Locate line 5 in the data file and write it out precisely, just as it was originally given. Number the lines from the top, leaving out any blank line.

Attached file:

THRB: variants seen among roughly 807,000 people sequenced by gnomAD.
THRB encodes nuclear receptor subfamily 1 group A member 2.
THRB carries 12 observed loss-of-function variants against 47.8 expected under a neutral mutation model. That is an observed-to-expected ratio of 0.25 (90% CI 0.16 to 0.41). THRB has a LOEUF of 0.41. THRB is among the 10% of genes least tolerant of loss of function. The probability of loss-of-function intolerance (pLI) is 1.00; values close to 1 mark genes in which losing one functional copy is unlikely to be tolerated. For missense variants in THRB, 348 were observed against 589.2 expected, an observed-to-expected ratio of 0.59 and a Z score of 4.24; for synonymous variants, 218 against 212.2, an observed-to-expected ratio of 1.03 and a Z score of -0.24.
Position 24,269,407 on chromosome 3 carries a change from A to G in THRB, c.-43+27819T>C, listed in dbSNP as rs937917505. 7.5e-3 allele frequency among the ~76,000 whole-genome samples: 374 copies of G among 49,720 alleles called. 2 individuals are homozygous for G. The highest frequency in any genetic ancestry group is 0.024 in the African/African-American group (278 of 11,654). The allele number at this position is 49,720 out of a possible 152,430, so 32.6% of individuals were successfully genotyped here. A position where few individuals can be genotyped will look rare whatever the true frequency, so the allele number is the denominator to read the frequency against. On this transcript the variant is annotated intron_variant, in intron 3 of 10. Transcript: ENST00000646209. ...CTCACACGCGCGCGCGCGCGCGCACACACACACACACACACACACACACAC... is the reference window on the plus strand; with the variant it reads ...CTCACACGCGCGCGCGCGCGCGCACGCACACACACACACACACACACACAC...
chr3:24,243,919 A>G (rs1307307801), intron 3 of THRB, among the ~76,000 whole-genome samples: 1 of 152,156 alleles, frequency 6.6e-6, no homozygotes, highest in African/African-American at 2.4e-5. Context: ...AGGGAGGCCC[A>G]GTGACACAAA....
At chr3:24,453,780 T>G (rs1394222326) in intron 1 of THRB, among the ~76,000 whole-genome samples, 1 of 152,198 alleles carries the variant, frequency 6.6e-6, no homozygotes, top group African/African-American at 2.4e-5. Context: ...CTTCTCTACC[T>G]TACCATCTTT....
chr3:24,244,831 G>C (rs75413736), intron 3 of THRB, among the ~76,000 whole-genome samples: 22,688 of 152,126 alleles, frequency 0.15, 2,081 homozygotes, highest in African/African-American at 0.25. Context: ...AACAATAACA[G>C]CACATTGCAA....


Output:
chr3:24,243,919 A>G (rs1307307801), intron 3 of THRB, among the ~76,000 whole-genome samples: 1 of 152,156 alleles, frequency 6.6e-6, no homozygotes, highest in African/African-American at 2.4e-5. Context: ...AGGGAGGCCC[A>G]GTGACACAAA....